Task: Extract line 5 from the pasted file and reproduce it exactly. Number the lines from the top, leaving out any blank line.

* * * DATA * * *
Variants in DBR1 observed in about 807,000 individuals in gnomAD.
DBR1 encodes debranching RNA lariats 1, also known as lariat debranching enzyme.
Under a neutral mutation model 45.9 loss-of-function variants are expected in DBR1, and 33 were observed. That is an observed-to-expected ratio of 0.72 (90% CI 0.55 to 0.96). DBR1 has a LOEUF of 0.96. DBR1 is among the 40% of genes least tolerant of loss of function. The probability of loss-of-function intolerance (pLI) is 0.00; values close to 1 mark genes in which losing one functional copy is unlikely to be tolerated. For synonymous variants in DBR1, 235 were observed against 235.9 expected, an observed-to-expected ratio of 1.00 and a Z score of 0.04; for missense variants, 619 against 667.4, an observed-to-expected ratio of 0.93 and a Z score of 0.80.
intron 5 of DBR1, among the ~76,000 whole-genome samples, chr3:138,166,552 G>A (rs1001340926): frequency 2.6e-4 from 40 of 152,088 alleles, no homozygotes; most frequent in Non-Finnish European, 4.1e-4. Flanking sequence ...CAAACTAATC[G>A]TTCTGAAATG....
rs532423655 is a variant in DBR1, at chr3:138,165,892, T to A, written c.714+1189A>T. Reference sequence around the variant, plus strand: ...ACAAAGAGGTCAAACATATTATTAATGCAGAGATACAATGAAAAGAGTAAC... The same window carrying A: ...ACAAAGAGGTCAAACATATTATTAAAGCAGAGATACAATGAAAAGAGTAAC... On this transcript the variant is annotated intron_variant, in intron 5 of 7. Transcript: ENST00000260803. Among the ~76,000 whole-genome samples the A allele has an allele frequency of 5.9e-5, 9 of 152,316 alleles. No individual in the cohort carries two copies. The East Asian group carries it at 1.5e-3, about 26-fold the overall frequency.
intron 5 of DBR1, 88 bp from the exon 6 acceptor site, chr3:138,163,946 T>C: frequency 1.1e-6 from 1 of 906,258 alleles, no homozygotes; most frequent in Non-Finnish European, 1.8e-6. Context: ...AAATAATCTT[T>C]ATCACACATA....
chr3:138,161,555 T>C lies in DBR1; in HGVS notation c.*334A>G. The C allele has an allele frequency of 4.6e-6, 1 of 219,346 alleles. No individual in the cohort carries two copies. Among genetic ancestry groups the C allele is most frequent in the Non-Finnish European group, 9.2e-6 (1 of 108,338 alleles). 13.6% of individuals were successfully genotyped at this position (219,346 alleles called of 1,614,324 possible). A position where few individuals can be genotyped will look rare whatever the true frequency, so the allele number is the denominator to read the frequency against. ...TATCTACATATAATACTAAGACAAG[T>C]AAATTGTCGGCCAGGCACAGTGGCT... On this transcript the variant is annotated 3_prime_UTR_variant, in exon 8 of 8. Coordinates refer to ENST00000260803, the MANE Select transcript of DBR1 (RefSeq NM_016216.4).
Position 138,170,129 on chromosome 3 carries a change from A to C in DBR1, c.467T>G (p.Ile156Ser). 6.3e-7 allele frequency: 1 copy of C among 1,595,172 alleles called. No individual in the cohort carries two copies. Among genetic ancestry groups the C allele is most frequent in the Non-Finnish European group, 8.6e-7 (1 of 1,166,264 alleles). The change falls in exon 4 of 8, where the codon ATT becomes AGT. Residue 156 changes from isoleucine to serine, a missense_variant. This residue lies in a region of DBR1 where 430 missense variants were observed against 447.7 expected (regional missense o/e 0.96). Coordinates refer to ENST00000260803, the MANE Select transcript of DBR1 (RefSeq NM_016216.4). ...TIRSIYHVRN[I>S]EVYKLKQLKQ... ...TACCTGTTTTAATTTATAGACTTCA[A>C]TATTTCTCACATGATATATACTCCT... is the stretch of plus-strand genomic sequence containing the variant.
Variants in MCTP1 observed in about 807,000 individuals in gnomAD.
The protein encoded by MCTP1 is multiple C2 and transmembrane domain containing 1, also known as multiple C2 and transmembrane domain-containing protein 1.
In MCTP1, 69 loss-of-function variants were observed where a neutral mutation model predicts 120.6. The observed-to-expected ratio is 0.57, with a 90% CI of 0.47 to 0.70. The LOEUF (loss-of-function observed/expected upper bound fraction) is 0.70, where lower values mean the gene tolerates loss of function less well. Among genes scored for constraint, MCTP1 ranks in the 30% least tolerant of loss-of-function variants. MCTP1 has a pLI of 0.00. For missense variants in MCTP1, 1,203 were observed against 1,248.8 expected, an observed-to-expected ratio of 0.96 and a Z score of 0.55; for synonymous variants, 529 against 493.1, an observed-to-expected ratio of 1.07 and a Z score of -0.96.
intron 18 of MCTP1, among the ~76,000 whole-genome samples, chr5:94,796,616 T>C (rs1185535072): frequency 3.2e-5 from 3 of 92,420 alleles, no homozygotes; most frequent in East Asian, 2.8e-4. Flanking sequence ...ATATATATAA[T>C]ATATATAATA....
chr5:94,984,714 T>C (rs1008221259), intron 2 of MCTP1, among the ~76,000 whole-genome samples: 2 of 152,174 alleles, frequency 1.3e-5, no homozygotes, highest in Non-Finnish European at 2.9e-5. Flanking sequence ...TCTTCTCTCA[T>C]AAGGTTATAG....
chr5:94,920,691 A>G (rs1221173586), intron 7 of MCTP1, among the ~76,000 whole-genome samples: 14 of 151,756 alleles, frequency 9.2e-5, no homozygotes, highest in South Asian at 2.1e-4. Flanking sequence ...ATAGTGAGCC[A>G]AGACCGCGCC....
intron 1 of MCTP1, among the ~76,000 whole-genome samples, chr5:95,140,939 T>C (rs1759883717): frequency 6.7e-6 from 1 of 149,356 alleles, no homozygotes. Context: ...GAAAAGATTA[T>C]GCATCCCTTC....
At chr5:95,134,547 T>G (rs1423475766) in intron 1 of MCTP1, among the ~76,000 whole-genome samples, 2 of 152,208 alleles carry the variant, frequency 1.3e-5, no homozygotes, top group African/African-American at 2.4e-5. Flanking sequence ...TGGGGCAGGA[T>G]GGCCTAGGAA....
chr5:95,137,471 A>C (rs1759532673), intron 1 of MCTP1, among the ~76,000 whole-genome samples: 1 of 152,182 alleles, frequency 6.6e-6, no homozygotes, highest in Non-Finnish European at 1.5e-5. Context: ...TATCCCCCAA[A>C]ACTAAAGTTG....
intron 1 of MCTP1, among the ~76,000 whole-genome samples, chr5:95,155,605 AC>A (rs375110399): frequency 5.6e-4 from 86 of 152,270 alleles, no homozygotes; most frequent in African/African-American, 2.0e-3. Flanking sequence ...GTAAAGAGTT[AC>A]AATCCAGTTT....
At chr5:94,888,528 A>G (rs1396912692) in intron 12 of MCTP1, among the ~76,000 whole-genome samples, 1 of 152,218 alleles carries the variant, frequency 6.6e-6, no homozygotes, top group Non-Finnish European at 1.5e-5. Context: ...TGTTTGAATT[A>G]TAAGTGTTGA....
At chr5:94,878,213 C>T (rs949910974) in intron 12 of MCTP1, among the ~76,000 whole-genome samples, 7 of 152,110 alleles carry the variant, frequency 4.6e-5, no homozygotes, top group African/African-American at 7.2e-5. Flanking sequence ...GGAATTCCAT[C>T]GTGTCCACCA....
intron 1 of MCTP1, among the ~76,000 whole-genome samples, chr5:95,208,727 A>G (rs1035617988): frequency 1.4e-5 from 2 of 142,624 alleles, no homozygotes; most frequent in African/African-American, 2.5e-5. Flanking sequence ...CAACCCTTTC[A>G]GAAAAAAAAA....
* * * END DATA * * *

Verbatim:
rs532423655 is a variant in DBR1, at chr3:138,165,892, T to A, written c.714+1189A>T. Reference sequence around the variant, plus strand: ...ACAAAGAGGTCAAACATATTATTAATGCAGAGATACAATGAAAAGAGTAAC... The same window carrying A: ...ACAAAGAGGTCAAACATATTATTAAAGCAGAGATACAATGAAAAGAGTAAC... On this transcript the variant is annotated intron_variant, in intron 5 of 7. Transcript: ENST00000260803. Among the ~76,000 whole-genome samples the A allele has an allele frequency of 5.9e-5, 9 of 152,316 alleles. No individual in the cohort carries two copies. The East Asian group carries it at 1.5e-3, about 26-fold the overall frequency.